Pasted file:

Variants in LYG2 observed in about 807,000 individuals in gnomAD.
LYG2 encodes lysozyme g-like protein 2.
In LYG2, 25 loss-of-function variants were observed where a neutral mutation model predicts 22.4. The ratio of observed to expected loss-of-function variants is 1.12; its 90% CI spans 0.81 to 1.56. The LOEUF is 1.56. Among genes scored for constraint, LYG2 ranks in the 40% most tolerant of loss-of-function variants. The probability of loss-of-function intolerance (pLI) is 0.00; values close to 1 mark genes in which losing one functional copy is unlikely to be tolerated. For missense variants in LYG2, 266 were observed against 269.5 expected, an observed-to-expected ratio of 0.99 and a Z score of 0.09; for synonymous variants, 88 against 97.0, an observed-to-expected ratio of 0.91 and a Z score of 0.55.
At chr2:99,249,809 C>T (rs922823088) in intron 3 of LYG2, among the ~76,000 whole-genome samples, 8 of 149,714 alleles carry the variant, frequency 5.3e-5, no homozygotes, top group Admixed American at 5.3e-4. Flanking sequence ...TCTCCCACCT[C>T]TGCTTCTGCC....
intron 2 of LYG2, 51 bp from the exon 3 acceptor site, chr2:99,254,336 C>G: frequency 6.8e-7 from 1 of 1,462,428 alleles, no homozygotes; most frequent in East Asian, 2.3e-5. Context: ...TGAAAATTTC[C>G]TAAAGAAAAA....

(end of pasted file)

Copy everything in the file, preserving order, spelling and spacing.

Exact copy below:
Variants in LYG2 observed in about 807,000 individuals in gnomAD.
LYG2 encodes lysozyme g-like protein 2.
In LYG2, 25 loss-of-function variants were observed where a neutral mutation model predicts 22.4. The ratio of observed to expected loss-of-function variants is 1.12; its 90% CI spans 0.81 to 1.56. The LOEUF is 1.56. Among genes scored for constraint, LYG2 ranks in the 40% most tolerant of loss-of-function variants. The probability of loss-of-function intolerance (pLI) is 0.00; values close to 1 mark genes in which losing one functional copy is unlikely to be tolerated. For missense variants in LYG2, 266 were observed against 269.5 expected, an observed-to-expected ratio of 0.99 and a Z score of 0.09; for synonymous variants, 88 against 97.0, an observed-to-expected ratio of 0.91 and a Z score of 0.55.
At chr2:99,249,809 C>T (rs922823088) in intron 3 of LYG2, among the ~76,000 whole-genome samples, 8 of 149,714 alleles carry the variant, frequency 5.3e-5, no homozygotes, top group Admixed American at 5.3e-4. Flanking sequence ...TCTCCCACCT[C>T]TGCTTCTGCC....
intron 2 of LYG2, 51 bp from the exon 3 acceptor site, chr2:99,254,336 C>G: frequency 6.8e-7 from 1 of 1,462,428 alleles, no homozygotes; most frequent in East Asian, 2.3e-5. Context: ...TGAAAATTTC[C>G]TAAAGAAAAA....